If you hit up a stateside McDonald’s this month, you might notice something different about the employees asking if you’d like fries with that or pouring your McFlurry. The fast food chain is launching not one, but two new uniform collections at all 14,000 U.S. locations. And one of the fresh uniform concepts was whipped up Waraire Boswell, a designer who has suited up the likes of Ryan Gosling, Bruno Mars, Sean Combs, Nas, Will Smith, plus a number of major NBA stars, like Kobe Bryant, LeBron James, and Kevin Durant.
In addition to Boswell’s designs, there's another batch of new uniforms, dubbed “Timeless Elements," that were designed by Bindu Rivas, a stylist across the pond who’s designed in the past for McDonalds in the U.K., in addition to a number of British chains, ranging from banks to airlines to postal services. “We challenged ourselves to design a uniform collection that could perform well within the work environment while still promoting versatility, comfort and personality,” Rivas said of his latest uniform-designing gig. Each McDonald's location will have the option of choosing between the two "collections" (fancy, right?) for its staffers.
While fast food chain uniforms might not seem like the most glamorous or boundary-pushing sort of design experience around, the exposure is huge — Boswell and Rivas’ designs will be worn by approximately 850,000 employees (and almost 25 million customers Big Mac-craving customers will see the getups daily). It’s the first time ever that the chain has worked with fashion designers or stylists to spruce up its employee outfits.
The biggest new addition? A convertible denim apron, shown above, that can be worn from just the waist down as a half-apron if a staffer so desires. So, now your chicken nuggets will be served up by someone donning a look equally as suited to dispensing artisanal kombucha in a Brooklyn fair-trade coffee shop/bar/vegan bakery/bike shop hybrid. Aside from the aprons, employees (or "crew members," as they're called) now have tees and long-sleeve shirts with a small McDonald's logo on the front, designed by Boswell, plus dark blue button-downs for male employees with bright red detailing. Rivas' "Timeless Elements" designs feature grey colorblocking on tees, ties, and polos, with yellow detailing (a nod to the hue of the chain's signature Golden Arches).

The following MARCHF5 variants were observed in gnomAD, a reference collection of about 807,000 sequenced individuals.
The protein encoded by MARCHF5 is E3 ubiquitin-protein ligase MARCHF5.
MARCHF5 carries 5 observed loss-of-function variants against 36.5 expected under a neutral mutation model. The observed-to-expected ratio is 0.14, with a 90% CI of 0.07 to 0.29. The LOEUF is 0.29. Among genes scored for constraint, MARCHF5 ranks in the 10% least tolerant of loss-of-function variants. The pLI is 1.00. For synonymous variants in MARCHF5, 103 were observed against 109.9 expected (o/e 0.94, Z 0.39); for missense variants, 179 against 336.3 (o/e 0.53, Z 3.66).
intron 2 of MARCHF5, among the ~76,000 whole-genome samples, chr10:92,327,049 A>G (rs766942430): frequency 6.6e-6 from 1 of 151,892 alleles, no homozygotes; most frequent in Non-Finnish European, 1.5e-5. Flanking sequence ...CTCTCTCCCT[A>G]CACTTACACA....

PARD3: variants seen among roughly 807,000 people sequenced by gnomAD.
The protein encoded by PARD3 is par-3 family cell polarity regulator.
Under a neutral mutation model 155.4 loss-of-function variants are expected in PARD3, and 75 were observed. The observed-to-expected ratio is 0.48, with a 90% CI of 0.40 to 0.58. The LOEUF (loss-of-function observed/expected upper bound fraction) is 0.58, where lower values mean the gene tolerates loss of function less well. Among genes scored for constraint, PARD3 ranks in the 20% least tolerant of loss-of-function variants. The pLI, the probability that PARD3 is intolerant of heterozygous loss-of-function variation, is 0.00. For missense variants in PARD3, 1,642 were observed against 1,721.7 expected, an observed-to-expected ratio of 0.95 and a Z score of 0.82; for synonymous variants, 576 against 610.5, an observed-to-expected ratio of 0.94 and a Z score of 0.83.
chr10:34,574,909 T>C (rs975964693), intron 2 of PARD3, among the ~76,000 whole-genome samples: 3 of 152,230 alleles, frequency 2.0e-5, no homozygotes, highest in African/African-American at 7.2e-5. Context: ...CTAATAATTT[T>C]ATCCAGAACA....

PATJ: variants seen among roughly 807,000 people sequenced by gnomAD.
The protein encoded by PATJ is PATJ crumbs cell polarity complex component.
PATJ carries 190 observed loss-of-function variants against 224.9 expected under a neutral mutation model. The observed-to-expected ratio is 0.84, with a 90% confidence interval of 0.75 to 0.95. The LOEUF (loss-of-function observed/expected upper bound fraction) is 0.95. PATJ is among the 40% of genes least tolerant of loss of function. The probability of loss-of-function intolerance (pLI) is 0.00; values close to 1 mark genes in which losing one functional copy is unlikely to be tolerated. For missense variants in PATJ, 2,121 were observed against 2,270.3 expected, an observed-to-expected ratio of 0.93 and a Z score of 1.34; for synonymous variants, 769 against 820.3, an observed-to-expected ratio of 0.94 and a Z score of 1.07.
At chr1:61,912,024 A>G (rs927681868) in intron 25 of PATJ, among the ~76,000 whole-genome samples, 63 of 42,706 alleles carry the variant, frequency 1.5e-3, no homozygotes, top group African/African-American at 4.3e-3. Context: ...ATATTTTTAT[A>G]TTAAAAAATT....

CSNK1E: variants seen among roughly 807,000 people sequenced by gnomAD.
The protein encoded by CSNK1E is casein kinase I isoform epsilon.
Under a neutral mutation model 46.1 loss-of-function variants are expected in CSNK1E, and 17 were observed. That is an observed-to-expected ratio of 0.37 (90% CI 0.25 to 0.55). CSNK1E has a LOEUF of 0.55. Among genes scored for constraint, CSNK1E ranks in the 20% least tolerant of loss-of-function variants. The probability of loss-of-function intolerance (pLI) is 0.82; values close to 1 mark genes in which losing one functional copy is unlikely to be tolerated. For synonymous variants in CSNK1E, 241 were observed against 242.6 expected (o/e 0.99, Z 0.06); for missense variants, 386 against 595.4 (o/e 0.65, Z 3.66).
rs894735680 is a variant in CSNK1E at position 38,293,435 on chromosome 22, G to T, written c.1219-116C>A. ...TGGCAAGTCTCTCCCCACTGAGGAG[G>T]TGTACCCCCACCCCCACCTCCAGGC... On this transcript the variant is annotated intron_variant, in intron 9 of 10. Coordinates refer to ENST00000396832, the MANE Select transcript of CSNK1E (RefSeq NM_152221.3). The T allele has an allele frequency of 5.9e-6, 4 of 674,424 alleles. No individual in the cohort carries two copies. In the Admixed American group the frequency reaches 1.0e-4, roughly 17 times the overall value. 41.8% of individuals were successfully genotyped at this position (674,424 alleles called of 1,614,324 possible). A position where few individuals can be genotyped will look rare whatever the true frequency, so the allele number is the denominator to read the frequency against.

Boswell’s connection to Mickey D’s goes way back, in fact — his very first gig was at an outpost of the mega-chain in Pasadena, Calif. “I was personally inspired by my experience in the restaurant...As a former McDonald’s employee, I understand the design and functionality needs of the next generation of uniforms,” Boswell told Refinery29. “When I was a crew member, I routinely changed into different set of clothes before leaving the restaurant: I wanted to design a line of uniforms that people would feel comfortable wearing outside of work.”
Are there any similarities between designing for, say, basketball icon and the cashier at your neighborhood McDonald's? Well, sort of: "When designing a custom collection or a 45-piece ready-to-wear collection, it is important to design from the client's point of view...Universally speaking, it is no secret that everyone does their best when they feel confident and comfortable," Boswell said. "It is always essential that no matter who I am working with I make sure they look and feel great."
In addition to his own time spent behind the counter at the chain, Boswell used feedback from focus groups of current employees to find out what they wanted to wear to work. He also hit up the archives to check out the eatery's uniform evolution over the years. Below, check out some throwback uniforms, below, from 1950, 1968, and 1974, respectively, before seeing the latest evolution of the chain's getups IRL at your local Mickey D's.
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